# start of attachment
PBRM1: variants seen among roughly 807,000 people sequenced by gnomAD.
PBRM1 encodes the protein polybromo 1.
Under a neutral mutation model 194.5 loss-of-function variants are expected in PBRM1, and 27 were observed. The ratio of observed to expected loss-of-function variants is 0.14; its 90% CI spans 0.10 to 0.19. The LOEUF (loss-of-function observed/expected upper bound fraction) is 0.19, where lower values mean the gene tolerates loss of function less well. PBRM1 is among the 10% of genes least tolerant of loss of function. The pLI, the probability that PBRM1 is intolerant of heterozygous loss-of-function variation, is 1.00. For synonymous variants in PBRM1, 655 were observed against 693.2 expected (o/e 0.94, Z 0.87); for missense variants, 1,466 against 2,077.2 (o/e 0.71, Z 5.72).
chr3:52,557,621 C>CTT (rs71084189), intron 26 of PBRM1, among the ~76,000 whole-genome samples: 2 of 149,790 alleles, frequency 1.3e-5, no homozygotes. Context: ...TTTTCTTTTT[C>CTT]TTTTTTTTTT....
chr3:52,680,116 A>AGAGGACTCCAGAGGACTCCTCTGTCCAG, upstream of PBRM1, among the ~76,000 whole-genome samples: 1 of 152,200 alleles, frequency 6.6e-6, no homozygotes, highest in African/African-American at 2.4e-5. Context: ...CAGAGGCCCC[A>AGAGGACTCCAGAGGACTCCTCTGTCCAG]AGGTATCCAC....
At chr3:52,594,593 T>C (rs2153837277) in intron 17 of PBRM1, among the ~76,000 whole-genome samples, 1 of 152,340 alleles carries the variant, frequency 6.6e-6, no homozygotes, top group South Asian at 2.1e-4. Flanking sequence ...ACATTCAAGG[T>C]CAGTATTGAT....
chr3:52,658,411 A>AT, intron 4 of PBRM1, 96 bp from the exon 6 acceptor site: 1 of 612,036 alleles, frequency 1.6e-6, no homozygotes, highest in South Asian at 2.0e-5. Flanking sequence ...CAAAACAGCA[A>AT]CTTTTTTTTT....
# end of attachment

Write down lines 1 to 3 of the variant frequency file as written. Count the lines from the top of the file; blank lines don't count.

PBRM1: variants seen among roughly 807,000 people sequenced by gnomAD.
PBRM1 encodes the protein polybromo 1.
Under a neutral mutation model 194.5 loss-of-function variants are expected in PBRM1, and 27 were observed. The ratio of observed to expected loss-of-function variants is 0.14; its 90% CI spans 0.10 to 0.19. The LOEUF (loss-of-function observed/expected upper bound fraction) is 0.19, where lower values mean the gene tolerates loss of function less well. PBRM1 is among the 10% of genes least tolerant of loss of function. The pLI, the probability that PBRM1 is intolerant of heterozygous loss-of-function variation, is 1.00. For synonymous variants in PBRM1, 655 were observed against 693.2 expected (o/e 0.94, Z 0.87); for missense variants, 1,466 against 2,077.2 (o/e 0.71, Z 5.72).